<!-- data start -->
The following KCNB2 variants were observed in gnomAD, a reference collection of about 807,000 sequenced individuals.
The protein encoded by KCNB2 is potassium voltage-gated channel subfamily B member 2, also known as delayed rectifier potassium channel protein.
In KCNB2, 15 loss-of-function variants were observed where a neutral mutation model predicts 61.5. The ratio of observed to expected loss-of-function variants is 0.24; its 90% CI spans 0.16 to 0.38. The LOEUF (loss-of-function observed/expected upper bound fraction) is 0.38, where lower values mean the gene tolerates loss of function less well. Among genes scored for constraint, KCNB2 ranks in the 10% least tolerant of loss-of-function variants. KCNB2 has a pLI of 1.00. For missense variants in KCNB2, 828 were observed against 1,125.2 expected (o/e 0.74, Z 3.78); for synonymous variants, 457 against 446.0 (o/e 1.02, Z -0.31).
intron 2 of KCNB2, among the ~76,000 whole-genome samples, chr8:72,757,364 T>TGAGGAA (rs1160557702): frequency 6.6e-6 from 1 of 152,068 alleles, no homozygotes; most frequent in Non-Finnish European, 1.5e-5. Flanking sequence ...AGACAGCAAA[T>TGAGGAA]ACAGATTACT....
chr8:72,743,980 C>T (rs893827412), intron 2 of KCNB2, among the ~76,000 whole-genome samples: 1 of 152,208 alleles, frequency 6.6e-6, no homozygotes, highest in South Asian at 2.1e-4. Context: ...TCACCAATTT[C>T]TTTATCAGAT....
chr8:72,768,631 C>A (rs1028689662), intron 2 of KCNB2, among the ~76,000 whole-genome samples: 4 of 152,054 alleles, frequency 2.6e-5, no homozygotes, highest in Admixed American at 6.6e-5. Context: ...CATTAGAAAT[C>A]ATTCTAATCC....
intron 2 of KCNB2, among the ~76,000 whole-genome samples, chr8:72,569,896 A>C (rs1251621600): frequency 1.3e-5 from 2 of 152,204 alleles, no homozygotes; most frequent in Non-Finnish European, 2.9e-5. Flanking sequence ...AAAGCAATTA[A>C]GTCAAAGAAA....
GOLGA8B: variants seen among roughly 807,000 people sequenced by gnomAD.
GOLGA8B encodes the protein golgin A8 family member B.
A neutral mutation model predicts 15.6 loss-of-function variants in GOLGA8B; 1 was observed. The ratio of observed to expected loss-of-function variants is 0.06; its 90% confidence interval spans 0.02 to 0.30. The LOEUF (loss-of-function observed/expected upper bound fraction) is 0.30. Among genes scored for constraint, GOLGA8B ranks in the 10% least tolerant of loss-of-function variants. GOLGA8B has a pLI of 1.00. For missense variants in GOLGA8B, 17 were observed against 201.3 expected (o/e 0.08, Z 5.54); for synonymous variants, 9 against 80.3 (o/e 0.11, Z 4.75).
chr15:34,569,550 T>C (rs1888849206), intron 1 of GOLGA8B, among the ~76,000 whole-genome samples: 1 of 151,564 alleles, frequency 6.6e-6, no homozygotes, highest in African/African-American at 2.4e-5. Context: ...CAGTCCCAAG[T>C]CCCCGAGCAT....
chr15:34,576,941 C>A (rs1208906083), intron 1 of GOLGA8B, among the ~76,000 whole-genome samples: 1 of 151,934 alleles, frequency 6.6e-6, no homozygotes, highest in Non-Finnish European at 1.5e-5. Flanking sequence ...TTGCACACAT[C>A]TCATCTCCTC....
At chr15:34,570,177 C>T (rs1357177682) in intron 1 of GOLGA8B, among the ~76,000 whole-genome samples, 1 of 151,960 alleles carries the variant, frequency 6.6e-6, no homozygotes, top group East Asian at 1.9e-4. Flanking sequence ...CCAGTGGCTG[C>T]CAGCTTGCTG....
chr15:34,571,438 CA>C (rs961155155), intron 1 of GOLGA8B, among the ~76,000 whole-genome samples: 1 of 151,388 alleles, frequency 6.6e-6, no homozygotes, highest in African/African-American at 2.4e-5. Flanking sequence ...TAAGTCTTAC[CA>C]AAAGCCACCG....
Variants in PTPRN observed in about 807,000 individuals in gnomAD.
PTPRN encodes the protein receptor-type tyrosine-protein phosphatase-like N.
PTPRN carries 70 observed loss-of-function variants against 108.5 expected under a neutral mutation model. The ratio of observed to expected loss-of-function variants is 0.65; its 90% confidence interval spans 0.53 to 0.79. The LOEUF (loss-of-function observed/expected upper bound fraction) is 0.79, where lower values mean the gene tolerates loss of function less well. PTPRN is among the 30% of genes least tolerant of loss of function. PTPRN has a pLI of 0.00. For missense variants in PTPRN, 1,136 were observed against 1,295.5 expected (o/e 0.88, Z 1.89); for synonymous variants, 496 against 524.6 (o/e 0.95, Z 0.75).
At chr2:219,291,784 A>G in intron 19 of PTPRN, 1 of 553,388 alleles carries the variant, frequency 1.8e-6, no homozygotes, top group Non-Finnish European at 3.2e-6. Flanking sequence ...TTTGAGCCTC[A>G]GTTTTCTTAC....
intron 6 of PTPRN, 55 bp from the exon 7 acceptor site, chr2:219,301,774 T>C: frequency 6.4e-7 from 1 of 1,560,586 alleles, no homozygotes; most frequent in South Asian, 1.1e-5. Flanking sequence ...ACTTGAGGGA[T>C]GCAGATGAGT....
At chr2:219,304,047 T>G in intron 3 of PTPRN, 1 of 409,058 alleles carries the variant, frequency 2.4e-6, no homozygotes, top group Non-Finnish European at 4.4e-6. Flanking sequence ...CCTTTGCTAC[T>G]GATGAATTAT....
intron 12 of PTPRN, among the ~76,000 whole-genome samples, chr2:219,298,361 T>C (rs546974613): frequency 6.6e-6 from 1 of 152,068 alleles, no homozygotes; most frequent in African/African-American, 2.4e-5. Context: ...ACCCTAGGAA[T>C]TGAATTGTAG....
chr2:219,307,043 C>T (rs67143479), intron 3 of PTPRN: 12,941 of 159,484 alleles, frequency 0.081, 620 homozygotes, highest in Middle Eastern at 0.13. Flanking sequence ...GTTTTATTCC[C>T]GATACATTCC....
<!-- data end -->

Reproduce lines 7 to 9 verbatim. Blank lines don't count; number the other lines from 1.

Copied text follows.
intron 2 of KCNB2, among the ~76,000 whole-genome samples, chr8:72,569,896 A>C (rs1251621600): frequency 1.3e-5 from 2 of 152,204 alleles, no homozygotes; most frequent in Non-Finnish European, 2.9e-5. Flanking sequence ...AAAGCAATTA[A>C]GTCAAAGAAA....
GOLGA8B: variants seen among roughly 807,000 people sequenced by gnomAD.
GOLGA8B encodes the protein golgin A8 family member B.